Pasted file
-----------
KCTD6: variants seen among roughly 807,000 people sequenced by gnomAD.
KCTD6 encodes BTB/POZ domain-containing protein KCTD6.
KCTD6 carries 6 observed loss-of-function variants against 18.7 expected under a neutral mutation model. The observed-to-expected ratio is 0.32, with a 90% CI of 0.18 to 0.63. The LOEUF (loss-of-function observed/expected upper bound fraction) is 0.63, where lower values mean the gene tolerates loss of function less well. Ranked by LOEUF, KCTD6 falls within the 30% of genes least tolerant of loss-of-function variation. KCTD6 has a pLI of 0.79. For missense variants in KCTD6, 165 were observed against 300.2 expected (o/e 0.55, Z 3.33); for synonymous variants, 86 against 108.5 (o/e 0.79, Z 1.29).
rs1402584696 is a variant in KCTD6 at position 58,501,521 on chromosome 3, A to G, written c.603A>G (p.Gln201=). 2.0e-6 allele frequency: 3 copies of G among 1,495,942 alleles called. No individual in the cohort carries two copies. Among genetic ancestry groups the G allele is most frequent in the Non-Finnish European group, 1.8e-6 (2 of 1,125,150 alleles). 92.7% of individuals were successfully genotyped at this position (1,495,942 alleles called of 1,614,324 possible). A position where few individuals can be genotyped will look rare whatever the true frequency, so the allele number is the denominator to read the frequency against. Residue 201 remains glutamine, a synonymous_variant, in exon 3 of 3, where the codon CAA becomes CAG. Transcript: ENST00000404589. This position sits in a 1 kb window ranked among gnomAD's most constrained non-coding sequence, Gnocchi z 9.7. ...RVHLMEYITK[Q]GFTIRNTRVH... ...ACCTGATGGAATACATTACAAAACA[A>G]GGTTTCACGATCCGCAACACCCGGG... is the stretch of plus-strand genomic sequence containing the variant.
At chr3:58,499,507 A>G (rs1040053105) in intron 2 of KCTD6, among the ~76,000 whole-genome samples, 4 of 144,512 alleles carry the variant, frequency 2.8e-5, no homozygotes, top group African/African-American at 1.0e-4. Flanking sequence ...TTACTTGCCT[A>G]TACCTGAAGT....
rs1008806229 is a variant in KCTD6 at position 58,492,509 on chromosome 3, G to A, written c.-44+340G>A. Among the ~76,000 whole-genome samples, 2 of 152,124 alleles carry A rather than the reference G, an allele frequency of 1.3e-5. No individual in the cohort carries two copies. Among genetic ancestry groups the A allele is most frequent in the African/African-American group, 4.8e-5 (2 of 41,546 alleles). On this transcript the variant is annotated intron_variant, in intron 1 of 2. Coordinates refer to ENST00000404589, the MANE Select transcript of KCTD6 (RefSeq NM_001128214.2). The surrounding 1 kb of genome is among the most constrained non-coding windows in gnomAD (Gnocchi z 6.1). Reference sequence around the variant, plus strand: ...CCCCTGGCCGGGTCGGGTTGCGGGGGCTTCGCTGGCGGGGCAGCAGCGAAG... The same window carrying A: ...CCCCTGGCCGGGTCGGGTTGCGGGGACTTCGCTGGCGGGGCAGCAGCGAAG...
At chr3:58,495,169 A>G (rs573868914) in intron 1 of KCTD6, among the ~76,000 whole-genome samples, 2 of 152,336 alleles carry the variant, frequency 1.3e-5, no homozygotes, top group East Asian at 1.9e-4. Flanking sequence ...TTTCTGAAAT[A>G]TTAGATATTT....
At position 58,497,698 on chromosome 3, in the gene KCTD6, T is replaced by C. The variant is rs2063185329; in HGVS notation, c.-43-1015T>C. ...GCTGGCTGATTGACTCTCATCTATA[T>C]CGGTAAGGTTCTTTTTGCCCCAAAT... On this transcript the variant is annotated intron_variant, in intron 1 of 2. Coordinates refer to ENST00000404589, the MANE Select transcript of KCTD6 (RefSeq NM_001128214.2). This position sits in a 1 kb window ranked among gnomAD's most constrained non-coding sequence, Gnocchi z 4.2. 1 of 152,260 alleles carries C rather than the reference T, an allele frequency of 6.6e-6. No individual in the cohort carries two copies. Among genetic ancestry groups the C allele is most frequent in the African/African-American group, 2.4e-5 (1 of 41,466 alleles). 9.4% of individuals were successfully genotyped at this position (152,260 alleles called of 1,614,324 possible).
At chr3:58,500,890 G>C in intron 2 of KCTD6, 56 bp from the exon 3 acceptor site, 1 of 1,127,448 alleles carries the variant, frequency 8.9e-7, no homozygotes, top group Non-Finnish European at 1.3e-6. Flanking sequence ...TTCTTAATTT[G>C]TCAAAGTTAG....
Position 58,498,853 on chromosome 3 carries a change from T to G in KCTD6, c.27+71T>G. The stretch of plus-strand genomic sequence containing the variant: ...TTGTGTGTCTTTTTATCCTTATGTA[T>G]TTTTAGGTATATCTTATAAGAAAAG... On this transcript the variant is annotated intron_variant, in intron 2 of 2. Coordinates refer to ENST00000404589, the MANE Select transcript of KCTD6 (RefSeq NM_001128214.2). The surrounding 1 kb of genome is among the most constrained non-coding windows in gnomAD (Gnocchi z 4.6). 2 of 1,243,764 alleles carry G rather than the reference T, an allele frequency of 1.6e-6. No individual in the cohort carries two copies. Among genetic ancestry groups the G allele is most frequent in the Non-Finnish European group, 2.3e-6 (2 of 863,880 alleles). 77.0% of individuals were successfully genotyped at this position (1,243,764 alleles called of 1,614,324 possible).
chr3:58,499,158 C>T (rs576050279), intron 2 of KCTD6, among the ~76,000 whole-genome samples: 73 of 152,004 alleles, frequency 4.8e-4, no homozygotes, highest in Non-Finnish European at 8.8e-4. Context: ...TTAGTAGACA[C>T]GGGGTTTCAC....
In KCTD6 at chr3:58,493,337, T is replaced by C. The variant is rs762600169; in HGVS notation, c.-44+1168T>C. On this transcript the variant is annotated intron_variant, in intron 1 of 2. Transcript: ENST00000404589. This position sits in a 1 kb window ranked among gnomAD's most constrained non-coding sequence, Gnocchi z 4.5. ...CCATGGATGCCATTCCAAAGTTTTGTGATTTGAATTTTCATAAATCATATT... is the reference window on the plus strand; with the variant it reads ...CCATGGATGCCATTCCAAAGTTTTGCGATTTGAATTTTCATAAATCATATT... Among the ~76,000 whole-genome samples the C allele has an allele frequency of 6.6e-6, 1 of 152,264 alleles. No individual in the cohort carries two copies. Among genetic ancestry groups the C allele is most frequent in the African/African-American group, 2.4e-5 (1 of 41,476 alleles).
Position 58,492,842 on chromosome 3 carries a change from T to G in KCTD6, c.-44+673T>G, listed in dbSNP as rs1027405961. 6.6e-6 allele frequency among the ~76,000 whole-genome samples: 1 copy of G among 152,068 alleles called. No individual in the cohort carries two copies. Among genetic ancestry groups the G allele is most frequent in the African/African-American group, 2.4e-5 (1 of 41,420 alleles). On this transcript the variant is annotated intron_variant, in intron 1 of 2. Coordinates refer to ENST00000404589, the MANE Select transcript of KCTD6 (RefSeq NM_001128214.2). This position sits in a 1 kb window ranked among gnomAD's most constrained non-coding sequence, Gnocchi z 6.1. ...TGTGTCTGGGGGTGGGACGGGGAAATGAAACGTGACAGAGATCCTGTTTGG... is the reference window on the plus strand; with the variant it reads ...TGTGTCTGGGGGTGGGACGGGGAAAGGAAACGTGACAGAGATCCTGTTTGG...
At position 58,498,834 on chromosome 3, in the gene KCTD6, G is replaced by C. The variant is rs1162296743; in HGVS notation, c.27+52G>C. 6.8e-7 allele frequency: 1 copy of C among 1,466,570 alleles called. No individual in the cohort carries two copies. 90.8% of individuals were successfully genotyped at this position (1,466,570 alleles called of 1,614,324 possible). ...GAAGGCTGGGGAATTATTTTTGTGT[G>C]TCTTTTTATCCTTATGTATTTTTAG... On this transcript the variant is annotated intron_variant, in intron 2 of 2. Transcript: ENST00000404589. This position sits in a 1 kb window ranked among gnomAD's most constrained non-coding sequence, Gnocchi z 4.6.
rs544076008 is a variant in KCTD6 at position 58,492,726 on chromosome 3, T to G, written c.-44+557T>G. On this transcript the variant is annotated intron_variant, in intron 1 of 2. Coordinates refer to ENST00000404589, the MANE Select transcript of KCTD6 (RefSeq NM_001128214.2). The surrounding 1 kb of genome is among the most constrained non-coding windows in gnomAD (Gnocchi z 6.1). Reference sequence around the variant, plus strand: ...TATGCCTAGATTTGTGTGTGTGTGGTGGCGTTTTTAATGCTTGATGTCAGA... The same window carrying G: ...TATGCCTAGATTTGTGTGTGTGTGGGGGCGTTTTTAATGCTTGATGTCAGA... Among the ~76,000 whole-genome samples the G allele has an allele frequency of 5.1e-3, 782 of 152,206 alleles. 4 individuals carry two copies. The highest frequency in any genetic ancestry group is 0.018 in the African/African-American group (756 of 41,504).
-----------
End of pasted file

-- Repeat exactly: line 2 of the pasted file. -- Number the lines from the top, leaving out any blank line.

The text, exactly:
KCTD6 encodes BTB/POZ domain-containing protein KCTD6.